With 46 career starts, Baca has played every single position on the offensive line at one point. For a unit that's been categorized as a mess over the past few seasons, he's been the one stabilizing force.
Along with Baca, UCLA started three freshmen and a sophomore on the offensive line this season. The senior from Mission Viejo, Calif. was the elder statesman on the line, and provided mass amounts of leadership for the young unit.
The Bruins don't have a ton of depth on the offensive line. Junior college transfer Alexandru Ceachir should figure in the mix at Baca's vacant position—as should Alberto Cid and potentially Greg Capella.
One incoming freshman to watch for is Caleb Benenoch. At 6'6" 320-pounds, the Katy, Tex. native already has the requisite size needed to play right away. The staff has no qualms about starting freshmen, so Benenoch could be the option at right guard once he enrolls.
UCLA will lose a pair of 4-year starters at cornerback in Sheldon Price and Aaron Hester.
Both Price and Hester have been somewhat maligned throughout their careers. Hester has been victimized by untimely penalties (usually of the pass interference variety), and Price's slight frame has hurt him both from a physicality and tackling standpoint.
Despite any deficiencies brought to the table by both, it's never easy to replace two tenured starters at an important position.
The Bruins will be trotting out players next season that are talented, but green from an experience standpoint. As mentioned in the previous slide, Randall Goforth has the ability to play corner. Ultimately, it will probably depend upon the development of other players at the position, but it wouldn't be a surprise to see Goforth at corner.
Current freshman Marcus Rios has loads of potential, and in limited time this season looked decent. He did enroll early last season, so he may have a leg up on fellow second members Ishmael Adams and Fabian Moreau. Rios has long arms and good speed, so he could be someone who takes the reigns of a starting spot sooner rather than later.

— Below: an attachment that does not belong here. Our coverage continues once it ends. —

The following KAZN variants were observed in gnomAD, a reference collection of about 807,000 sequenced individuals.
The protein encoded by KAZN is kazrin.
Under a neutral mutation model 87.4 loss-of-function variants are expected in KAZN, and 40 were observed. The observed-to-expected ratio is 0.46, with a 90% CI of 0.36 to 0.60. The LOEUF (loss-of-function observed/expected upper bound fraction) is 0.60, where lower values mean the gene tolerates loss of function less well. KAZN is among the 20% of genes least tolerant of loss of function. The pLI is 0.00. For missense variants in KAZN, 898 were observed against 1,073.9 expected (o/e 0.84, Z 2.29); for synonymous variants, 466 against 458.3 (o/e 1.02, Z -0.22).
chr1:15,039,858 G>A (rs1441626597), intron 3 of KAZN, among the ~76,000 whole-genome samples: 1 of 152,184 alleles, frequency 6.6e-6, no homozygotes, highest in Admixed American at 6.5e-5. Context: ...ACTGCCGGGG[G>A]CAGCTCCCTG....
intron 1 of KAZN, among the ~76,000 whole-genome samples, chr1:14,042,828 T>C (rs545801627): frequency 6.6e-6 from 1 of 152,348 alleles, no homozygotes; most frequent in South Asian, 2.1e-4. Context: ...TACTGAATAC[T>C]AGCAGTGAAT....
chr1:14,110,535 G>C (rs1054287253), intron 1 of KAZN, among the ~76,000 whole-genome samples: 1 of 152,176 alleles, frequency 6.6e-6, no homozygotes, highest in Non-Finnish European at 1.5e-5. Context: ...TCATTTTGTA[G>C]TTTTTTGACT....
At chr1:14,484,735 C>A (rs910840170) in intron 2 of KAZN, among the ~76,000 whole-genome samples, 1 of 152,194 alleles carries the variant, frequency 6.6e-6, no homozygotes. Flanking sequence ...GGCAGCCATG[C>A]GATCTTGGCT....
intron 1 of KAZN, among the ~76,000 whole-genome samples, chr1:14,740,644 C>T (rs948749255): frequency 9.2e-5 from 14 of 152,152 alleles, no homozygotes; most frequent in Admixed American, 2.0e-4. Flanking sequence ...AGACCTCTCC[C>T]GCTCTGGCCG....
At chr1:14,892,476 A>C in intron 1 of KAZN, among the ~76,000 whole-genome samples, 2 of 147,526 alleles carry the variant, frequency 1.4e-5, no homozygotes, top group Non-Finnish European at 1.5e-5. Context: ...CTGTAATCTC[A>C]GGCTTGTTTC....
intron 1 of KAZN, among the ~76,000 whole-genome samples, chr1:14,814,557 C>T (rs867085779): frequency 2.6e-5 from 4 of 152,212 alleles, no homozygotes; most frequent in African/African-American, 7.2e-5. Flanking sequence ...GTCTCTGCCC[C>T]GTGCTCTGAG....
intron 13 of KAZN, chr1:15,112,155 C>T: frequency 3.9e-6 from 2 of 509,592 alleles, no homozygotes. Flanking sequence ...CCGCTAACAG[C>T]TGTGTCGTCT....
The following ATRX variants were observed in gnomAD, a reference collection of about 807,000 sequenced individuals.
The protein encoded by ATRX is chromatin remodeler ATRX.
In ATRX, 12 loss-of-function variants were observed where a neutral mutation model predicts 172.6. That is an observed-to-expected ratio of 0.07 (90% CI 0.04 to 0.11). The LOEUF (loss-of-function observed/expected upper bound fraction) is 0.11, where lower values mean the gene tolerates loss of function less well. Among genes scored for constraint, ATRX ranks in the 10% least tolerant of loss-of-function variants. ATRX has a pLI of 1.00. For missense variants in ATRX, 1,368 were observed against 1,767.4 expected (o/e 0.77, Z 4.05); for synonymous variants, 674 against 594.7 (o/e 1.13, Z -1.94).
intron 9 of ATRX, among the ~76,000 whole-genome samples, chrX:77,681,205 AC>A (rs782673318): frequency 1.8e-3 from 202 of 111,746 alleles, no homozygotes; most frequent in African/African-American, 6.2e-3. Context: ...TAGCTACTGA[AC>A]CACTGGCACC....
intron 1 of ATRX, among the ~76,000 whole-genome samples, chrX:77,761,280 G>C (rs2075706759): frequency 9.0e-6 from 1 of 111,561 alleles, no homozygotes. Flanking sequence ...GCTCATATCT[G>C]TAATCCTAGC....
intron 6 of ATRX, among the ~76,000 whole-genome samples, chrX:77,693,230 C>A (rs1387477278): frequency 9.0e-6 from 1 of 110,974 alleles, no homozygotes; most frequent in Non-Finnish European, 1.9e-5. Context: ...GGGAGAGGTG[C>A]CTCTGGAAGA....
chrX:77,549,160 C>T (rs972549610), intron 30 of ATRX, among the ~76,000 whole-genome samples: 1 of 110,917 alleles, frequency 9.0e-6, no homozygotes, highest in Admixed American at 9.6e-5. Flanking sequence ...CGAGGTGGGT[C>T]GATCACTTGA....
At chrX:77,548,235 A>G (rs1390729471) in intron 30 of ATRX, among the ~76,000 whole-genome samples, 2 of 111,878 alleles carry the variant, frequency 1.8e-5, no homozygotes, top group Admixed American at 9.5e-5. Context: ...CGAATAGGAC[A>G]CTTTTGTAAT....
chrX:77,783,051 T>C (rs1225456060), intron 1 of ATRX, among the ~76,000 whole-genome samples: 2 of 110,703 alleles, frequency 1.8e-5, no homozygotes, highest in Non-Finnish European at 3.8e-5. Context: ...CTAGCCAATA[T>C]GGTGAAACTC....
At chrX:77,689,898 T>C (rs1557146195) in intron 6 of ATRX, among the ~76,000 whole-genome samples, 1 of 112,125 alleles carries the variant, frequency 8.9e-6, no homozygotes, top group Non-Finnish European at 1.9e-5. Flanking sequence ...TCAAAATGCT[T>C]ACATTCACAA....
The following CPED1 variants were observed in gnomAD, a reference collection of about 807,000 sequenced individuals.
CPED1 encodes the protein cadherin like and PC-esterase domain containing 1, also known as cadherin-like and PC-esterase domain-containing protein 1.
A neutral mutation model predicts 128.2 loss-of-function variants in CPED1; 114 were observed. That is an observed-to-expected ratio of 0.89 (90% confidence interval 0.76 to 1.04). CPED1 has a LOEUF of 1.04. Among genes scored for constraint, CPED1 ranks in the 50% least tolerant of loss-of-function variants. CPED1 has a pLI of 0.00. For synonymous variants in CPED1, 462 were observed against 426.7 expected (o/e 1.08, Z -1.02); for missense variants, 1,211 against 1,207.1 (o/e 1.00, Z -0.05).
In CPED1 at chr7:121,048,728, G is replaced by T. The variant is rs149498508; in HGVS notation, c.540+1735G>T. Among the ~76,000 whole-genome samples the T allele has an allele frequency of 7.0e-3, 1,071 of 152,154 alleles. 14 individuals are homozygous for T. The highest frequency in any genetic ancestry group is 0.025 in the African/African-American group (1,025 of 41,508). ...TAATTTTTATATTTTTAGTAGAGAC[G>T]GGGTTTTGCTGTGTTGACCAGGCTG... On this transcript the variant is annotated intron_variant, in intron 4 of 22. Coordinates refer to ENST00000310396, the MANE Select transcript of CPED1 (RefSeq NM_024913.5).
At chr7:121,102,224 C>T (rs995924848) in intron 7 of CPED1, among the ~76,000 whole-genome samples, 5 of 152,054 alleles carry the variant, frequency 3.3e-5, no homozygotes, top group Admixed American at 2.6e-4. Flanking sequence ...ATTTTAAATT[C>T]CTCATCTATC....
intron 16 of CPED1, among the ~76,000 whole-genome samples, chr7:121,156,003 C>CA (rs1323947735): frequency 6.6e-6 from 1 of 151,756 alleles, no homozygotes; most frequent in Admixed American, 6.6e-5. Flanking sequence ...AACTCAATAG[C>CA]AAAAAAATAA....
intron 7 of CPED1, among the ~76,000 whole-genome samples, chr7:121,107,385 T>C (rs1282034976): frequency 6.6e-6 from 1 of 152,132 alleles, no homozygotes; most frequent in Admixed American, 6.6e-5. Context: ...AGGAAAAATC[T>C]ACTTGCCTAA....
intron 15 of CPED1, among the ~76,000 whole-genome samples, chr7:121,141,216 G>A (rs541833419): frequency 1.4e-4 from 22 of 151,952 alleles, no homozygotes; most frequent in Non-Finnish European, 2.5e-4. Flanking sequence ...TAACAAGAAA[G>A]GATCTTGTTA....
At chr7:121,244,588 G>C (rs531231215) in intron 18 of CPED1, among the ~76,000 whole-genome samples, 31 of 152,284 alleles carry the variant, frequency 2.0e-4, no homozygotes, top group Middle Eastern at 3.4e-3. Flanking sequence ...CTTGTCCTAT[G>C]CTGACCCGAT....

Adams was a highly recruited athlete, but suffered a season ending shoulder surgery early on in the season. He is now healthy, and could factor into things. His overall intelligence and physicality makes him an intriguing option.
An interesting angle in regards to this position is via recruiting. Priest Willis is someone versatile enough to play both corner and safety. Should he choose the Bruins, he'll instantly be in the hunt for early play time. In addition, UCLA is heavily targeting Johnny Johnson and Patrick Enewally.
Other players that could be in the mix include Anthony Jefferson, Brandon Sermons, and Justin Combs.
This should be the most fascinating position battle in the spring and fall. It's conceivable that UCLA could have two true freshmen manning the corner spot. Regardless of what transpires, it's pretty apparent that the Bruins will start two cornerbacks with little or no experience.
The loss of Joe Fauria to graduation will leave the Bruins with a big hole in the receiving line—both from a figurative and literal sense.
At 6'7", he's been a nightmare match-up for opposing teams. He has finished second on the team in receptions for the past two seasons. Of his 41 catches this season, almost a third were touchdown grabs.